So you have a morning routine, or even an evening routine. Get up, get dressed, brush teeth, pop an anti-depressant. Wait, I may be wrong...Wake up, get dressed, brush teeth, do hair pop an anti-anxiety pill, put on shoes, grab car keys and face the world.
Do you see what I'm getting at here?
The fact is that we are a medicated nation, if not world. I recently sought the couch-comfort of a psychiatrist's room and found that most of the phone conversations I had with their soft-spoken receptionists went like this:
Me: "Hi, I'd like to find out when the Doctor's next available appointment is?"
Receptionist: "I can book you in at 11am next year March."
Me: "Hi there, please can you let me know when the next available appointment with your Doctor is?"Receptionist: "Let me check....ok the Dr's next free slot is next year May."
I may sound like I'm exaggerating, but I'm really not. Ok, perhaps a little, but the waiting lists were exhaustively long - the soonest available appointment I could find was two months down the line.
This led me to start thinking about something. Throughout my life I had noticed a 'taboo' (if you will) around psychologists, mental health issues and prescription medications of the mental-variety. It seems there is a stigma around needing a little bit of help to get through the days; to make the days a bit sunnier, or to help that crippling anxiety from causing you to topple over and take a hammer to your prized collection of porcelain dolls.
The fact is that there is nothing to be ashamed about. I have read a famous quote that went something along the lines of 'if you have the flu, you take medicine to get better. If you have a mental health issue, why not take medicine to help you get better too?' I couldn't agree more. Sure, I am fully part of the party that agrees that there are some issues that can be worked out without medication. If you are drowning at your job and want to bomb dive off a bridge at the thought of going into the office tomorrow morning, then chances are you should be looking for another job. If everything in your life is good, you have a decent job, loving family and one or two hiccups here and there and yet you still have the bridge-mentality, then chances are you are depressed and could use the boost of some well-prescribed anti-depressants and perhaps a good therapy cry session once a week.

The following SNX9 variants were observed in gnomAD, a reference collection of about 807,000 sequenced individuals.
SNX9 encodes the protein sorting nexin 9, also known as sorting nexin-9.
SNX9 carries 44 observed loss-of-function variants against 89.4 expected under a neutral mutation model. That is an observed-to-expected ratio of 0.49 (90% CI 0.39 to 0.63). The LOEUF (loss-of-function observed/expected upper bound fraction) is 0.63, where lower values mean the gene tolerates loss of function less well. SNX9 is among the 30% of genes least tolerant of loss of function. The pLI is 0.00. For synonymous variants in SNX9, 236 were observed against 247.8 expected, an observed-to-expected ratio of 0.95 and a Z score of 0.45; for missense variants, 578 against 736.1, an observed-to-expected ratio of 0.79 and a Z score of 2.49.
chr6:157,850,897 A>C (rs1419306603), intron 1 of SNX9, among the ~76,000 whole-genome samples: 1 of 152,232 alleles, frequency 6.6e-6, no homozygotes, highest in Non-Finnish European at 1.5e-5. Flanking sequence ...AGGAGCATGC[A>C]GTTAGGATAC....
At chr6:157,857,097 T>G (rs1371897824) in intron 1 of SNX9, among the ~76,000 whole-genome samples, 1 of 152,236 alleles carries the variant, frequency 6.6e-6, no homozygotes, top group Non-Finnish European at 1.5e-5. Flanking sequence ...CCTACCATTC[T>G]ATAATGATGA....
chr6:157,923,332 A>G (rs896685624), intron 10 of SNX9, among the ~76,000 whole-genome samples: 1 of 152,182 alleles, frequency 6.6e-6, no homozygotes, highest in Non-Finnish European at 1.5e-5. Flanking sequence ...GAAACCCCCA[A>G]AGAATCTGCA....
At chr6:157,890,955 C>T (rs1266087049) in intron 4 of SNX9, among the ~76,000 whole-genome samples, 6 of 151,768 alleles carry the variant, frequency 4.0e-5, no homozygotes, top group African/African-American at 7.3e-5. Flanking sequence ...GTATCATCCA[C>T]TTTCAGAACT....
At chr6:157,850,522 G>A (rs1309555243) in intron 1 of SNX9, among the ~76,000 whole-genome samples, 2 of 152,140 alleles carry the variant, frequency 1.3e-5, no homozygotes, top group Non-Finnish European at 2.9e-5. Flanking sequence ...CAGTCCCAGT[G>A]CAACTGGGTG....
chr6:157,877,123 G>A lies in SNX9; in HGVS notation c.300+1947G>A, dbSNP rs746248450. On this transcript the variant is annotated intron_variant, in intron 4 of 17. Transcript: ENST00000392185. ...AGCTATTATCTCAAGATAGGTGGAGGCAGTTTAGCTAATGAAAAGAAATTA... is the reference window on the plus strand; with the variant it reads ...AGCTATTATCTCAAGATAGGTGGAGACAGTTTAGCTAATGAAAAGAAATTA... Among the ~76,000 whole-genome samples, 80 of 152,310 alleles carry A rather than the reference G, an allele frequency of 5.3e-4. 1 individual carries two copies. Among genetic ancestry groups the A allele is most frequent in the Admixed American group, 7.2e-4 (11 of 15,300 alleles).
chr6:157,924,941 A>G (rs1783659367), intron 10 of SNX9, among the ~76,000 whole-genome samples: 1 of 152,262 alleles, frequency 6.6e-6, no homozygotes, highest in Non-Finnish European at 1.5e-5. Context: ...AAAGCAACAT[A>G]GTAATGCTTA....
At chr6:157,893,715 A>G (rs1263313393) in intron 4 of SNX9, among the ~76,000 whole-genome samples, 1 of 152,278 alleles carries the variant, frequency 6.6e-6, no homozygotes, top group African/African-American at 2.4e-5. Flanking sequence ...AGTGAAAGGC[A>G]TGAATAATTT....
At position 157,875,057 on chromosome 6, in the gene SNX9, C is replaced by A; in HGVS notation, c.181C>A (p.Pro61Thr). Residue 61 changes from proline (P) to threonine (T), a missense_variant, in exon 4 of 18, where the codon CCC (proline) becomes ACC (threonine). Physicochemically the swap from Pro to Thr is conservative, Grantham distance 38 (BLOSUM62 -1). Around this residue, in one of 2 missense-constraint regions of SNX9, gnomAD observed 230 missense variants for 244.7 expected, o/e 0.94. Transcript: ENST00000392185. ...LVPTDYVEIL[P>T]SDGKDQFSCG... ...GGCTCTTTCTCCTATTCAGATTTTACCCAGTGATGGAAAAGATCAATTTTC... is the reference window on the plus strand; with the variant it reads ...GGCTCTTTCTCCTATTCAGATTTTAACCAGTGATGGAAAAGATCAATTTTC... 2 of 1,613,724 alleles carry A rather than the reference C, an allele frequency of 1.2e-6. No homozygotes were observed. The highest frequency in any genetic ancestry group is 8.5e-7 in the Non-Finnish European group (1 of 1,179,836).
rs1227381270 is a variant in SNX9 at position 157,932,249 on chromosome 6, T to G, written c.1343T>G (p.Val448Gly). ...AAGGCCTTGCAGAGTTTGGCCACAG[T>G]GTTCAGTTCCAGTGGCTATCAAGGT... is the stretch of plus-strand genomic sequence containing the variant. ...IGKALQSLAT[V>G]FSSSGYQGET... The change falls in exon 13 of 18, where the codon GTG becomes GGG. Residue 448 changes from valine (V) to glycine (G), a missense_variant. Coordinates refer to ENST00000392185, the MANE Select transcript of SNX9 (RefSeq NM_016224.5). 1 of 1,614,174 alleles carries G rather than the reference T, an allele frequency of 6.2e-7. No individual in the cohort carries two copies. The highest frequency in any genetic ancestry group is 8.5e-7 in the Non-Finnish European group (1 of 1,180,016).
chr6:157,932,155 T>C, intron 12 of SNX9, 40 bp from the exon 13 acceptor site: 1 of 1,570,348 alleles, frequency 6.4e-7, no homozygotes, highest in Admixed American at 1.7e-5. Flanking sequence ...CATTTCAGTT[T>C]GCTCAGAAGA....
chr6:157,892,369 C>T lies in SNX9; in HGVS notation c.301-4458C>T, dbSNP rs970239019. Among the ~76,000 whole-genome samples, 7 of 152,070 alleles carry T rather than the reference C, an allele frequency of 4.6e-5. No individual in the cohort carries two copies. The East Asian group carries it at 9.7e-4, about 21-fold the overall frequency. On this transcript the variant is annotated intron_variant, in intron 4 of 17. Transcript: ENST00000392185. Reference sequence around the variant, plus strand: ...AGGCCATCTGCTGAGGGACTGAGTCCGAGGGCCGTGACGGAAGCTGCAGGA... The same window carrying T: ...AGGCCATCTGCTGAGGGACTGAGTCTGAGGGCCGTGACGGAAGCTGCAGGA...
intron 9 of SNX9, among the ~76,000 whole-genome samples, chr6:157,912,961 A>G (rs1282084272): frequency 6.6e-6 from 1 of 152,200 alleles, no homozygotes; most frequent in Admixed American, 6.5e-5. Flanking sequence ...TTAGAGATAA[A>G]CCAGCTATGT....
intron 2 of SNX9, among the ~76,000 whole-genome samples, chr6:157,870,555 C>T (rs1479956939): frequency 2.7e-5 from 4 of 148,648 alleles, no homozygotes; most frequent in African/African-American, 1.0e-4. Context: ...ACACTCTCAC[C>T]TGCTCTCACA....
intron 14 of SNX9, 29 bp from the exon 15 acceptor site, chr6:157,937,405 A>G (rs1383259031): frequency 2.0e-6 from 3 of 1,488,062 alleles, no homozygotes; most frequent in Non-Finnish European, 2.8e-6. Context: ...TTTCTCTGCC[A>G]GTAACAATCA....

There are mental ailments whereby the chemical balance in your brain could affect you in such way that you do not cope with stress as effectively as the next person. This can lead you to feel insecure and overwhelmed, wondering why the single mom you work with can do and has it all, yet you can barely cope with next week's deadline. This then crushes you with regular panic attacks and a dark cloud of depression. Chances are you would be able to tackle the deeper rooted issues causing you the insecurity and inability to cope with your stress if you are taking medication that helps to even out that chemical imbalance.
By no means think that a pill will cure all the worries that you have, but by no means be ashamed to need that little 'brain vitamin' to help you cope a little better. This coupled with the right kind of therapy or regular counselling sessions can give you a new lease on life. Too many people take their own lives, or live in a dark cloud of misery and severe anxiety daily because they are too ashamed to admit they need help, or they are ashamed to be seen as a 'loony.'
Do not be ashamed.
Remember, the soonest appointment that could be found at a psychiatrist in the Johannesburg area was two months down the line. There are over a hundred psychiatrists in the greater Johannesburg area practising many hours a day for hour-long sessions. That's a LOT of people seeking the help and medication that they need. Who knows, one of these people may be your boss, your employee, your child's school teacher or the grocer across the road. They probably are. These are people just like you.
I'll leave off with a quote I love: "Everyone is fighting their own battle, try not to be an a**"
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